flax flwrB 062813Today’s plant is New Zealand FlaxPhormium Tenax. This is a very different plant from common flax or linseed, Linum usitatissimum. It is used mostly as an ornamental in the northern hemisphere, but at one time sustained a lively trade as a fiber. We have a basket that was made of the leaves. While the two plants are very different, they have similar magickal properties. These days the fiber is mostly used by paper artisans. – Masculine, Mercury, Fire, Hulda – Money spells, add to coins and carry, flax in the shoe averts poverty. For protection while asleep, add to mustard seed, put both opposite cold water. Protection from evil entering, scatter with red pepper by door. Health and healing rituals, sprinkle altar with flaxseed. More here:http://en.wikipedia.org/wiki/Phormium For the traditional uses of the plant fiberhttp://en.wikipedia.org/wiki/New_Zealand_flax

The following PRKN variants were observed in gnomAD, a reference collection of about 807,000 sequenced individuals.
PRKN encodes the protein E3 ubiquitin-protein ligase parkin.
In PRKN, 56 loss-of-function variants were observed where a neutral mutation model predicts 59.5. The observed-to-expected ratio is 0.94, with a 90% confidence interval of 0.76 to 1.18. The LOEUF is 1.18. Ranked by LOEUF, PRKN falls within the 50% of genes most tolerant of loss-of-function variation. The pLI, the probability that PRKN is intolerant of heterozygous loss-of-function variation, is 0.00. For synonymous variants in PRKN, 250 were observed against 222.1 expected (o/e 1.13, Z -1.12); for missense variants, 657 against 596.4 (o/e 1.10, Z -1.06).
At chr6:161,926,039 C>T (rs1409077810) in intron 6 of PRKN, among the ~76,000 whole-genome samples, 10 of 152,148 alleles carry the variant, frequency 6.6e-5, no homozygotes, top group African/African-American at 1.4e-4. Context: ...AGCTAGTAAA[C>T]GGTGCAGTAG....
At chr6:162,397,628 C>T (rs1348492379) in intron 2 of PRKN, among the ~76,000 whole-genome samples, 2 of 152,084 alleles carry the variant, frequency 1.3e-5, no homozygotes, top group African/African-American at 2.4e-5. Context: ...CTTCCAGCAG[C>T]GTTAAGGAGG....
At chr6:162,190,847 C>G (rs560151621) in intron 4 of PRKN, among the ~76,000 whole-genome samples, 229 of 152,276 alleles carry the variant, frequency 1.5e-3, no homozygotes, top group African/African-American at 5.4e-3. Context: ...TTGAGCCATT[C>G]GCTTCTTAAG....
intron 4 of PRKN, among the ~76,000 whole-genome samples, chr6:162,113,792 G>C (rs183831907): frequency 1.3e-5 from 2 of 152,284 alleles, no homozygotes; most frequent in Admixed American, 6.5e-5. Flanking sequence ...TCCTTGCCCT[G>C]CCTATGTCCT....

The shop opens at 11am. Summer  hours are 11am-7pm Thursday through Monday. Need something off hours? Give us a call at 541-563-7154 or Facebook or email at ancientlight@peak.org If we’re supposed to be closed, but it looks like we’re there, try the door. If it’s open, the shop’s open! In case of bad weather, check here at the blog for updates, on our Facebook as Ancient Light, or call the shop.

Love & Light,
Anja

******

Today’s Astro & Calendar